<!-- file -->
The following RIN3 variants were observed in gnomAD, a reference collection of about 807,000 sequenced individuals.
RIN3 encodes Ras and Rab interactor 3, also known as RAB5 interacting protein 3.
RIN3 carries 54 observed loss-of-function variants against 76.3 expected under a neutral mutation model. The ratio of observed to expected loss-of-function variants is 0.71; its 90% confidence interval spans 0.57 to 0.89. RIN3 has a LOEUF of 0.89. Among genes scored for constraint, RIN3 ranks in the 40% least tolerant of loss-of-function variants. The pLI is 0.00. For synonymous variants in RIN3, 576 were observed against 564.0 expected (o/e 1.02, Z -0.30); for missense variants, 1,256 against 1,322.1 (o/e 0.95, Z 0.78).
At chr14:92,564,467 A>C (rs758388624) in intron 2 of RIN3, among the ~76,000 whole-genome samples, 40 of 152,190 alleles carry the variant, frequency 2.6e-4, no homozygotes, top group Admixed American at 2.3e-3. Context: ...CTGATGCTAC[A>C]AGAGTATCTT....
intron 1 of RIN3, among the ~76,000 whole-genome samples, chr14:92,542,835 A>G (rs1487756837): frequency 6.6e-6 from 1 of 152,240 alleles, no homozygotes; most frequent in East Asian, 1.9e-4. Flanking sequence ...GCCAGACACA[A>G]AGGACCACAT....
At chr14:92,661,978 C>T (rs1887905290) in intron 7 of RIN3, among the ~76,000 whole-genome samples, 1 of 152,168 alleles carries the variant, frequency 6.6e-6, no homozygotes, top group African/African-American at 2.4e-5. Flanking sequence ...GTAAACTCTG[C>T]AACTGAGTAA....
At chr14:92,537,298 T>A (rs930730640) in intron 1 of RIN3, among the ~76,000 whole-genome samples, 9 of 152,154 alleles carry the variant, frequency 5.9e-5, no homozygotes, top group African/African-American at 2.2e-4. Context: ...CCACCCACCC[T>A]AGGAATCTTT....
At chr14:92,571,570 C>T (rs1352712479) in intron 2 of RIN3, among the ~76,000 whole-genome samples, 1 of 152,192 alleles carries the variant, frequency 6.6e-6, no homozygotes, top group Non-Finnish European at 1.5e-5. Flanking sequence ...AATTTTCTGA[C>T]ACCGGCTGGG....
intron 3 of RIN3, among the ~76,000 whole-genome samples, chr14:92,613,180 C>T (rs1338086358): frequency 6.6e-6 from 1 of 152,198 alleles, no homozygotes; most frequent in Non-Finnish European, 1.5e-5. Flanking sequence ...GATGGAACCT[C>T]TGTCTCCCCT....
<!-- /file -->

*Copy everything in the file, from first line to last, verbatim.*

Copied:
The following RIN3 variants were observed in gnomAD, a reference collection of about 807,000 sequenced individuals.
RIN3 encodes Ras and Rab interactor 3, also known as RAB5 interacting protein 3.
RIN3 carries 54 observed loss-of-function variants against 76.3 expected under a neutral mutation model. The ratio of observed to expected loss-of-function variants is 0.71; its 90% confidence interval spans 0.57 to 0.89. RIN3 has a LOEUF of 0.89. Among genes scored for constraint, RIN3 ranks in the 40% least tolerant of loss-of-function variants. The pLI is 0.00. For synonymous variants in RIN3, 576 were observed against 564.0 expected (o/e 1.02, Z -0.30); for missense variants, 1,256 against 1,322.1 (o/e 0.95, Z 0.78).
At chr14:92,564,467 A>C (rs758388624) in intron 2 of RIN3, among the ~76,000 whole-genome samples, 40 of 152,190 alleles carry the variant, frequency 2.6e-4, no homozygotes, top group Admixed American at 2.3e-3. Context: ...CTGATGCTAC[A>C]AGAGTATCTT....
intron 1 of RIN3, among the ~76,000 whole-genome samples, chr14:92,542,835 A>G (rs1487756837): frequency 6.6e-6 from 1 of 152,240 alleles, no homozygotes; most frequent in East Asian, 1.9e-4. Flanking sequence ...GCCAGACACA[A>G]AGGACCACAT....
At chr14:92,661,978 C>T (rs1887905290) in intron 7 of RIN3, among the ~76,000 whole-genome samples, 1 of 152,168 alleles carries the variant, frequency 6.6e-6, no homozygotes, top group African/African-American at 2.4e-5. Flanking sequence ...GTAAACTCTG[C>T]AACTGAGTAA....
At chr14:92,537,298 T>A (rs930730640) in intron 1 of RIN3, among the ~76,000 whole-genome samples, 9 of 152,154 alleles carry the variant, frequency 5.9e-5, no homozygotes, top group African/African-American at 2.2e-4. Context: ...CCACCCACCC[T>A]AGGAATCTTT....
At chr14:92,571,570 C>T (rs1352712479) in intron 2 of RIN3, among the ~76,000 whole-genome samples, 1 of 152,192 alleles carries the variant, frequency 6.6e-6, no homozygotes, top group Non-Finnish European at 1.5e-5. Flanking sequence ...AATTTTCTGA[C>T]ACCGGCTGGG....
intron 3 of RIN3, among the ~76,000 whole-genome samples, chr14:92,613,180 C>T (rs1338086358): frequency 6.6e-6 from 1 of 152,198 alleles, no homozygotes; most frequent in Non-Finnish European, 1.5e-5. Flanking sequence ...GATGGAACCT[C>T]TGTCTCCCCT....